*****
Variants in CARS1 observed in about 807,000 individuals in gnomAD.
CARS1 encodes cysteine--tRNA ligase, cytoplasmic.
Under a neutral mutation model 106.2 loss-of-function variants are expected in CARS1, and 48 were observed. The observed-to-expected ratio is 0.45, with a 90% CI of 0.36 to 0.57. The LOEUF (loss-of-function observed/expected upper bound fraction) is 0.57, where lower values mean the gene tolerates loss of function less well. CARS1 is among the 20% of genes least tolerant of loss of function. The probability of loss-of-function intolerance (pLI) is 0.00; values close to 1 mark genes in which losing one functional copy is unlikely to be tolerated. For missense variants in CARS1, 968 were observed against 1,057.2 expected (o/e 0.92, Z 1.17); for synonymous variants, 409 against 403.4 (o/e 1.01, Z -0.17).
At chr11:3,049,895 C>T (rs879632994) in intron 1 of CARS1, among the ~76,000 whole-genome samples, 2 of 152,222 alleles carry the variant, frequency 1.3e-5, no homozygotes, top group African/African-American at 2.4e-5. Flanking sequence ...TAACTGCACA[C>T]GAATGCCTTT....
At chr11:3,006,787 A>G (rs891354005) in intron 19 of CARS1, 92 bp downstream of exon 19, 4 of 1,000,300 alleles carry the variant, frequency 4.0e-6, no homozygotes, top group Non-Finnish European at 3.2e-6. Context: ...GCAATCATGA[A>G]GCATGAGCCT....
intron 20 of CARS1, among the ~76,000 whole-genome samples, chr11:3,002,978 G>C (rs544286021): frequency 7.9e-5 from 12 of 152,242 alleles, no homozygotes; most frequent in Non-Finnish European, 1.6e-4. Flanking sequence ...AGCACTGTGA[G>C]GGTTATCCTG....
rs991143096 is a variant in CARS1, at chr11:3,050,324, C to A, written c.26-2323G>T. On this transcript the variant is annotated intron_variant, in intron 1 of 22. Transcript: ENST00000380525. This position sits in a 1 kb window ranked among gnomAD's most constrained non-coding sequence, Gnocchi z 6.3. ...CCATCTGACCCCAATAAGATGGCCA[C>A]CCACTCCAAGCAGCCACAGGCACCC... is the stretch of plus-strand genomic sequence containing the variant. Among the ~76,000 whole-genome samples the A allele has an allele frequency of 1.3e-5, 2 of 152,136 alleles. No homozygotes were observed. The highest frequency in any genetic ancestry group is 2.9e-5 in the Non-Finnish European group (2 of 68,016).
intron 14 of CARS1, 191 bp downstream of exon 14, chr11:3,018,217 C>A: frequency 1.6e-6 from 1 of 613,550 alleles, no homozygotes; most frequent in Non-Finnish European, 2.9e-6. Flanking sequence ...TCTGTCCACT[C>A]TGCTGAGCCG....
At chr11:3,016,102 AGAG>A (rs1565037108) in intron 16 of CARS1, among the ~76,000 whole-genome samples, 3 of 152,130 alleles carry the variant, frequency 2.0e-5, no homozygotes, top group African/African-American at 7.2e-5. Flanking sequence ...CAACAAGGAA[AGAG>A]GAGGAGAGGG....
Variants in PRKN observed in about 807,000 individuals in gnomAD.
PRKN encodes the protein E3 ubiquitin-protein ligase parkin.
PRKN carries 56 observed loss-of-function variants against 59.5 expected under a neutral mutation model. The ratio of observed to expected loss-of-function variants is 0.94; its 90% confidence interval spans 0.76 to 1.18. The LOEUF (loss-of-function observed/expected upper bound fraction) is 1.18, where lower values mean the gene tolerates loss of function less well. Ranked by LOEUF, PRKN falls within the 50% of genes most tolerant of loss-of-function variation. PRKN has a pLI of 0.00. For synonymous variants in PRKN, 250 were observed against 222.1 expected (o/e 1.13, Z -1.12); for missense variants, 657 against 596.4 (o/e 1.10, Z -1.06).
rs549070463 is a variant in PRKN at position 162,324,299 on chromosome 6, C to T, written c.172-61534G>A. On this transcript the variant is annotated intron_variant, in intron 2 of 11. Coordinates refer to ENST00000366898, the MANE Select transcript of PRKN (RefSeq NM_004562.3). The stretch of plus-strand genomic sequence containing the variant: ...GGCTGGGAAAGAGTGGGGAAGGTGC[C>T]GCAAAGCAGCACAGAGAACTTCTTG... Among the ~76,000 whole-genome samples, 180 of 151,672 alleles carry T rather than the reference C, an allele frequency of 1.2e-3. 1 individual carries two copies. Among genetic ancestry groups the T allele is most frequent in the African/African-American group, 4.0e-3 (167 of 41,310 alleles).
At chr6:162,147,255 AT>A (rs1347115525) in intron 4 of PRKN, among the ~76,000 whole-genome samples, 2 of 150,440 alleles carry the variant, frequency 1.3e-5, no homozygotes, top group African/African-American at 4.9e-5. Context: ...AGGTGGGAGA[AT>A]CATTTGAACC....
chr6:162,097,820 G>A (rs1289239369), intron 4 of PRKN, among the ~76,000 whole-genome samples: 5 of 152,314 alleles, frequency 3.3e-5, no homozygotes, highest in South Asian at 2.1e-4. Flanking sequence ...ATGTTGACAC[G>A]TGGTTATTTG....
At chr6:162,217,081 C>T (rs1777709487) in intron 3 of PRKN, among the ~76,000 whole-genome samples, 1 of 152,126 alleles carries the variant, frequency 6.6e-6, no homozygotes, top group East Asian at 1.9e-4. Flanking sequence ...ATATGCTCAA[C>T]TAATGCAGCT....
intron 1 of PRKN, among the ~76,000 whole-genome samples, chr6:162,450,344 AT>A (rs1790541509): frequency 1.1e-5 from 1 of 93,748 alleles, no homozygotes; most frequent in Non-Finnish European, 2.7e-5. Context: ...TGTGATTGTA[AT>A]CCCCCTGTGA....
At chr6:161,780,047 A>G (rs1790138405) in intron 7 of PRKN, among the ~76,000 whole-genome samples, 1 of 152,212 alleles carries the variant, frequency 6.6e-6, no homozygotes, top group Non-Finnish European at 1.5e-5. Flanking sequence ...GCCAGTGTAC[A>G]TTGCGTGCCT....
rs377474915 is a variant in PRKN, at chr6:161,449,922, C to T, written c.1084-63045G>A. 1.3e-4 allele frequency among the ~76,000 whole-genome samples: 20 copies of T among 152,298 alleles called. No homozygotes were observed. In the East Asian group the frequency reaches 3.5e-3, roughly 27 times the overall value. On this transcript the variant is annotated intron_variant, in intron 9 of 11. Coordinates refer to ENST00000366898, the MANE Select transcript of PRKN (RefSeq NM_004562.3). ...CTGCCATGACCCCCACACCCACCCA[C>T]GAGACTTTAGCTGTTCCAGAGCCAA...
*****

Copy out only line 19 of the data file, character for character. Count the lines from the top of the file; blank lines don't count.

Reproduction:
rs377474915 is a variant in PRKN, at chr6:161,449,922, C to T, written c.1084-63045G>A. 1.3e-4 allele frequency among the ~76,000 whole-genome samples: 20 copies of T among 152,298 alleles called. No homozygotes were observed. In the East Asian group the frequency reaches 3.5e-3, roughly 27 times the overall value. On this transcript the variant is annotated intron_variant, in intron 9 of 11. Coordinates refer to ENST00000366898, the MANE Select transcript of PRKN (RefSeq NM_004562.3). ...CTGCCATGACCCCCACACCCACCCA[C>T]GAGACTTTAGCTGTTCCAGAGCCAA...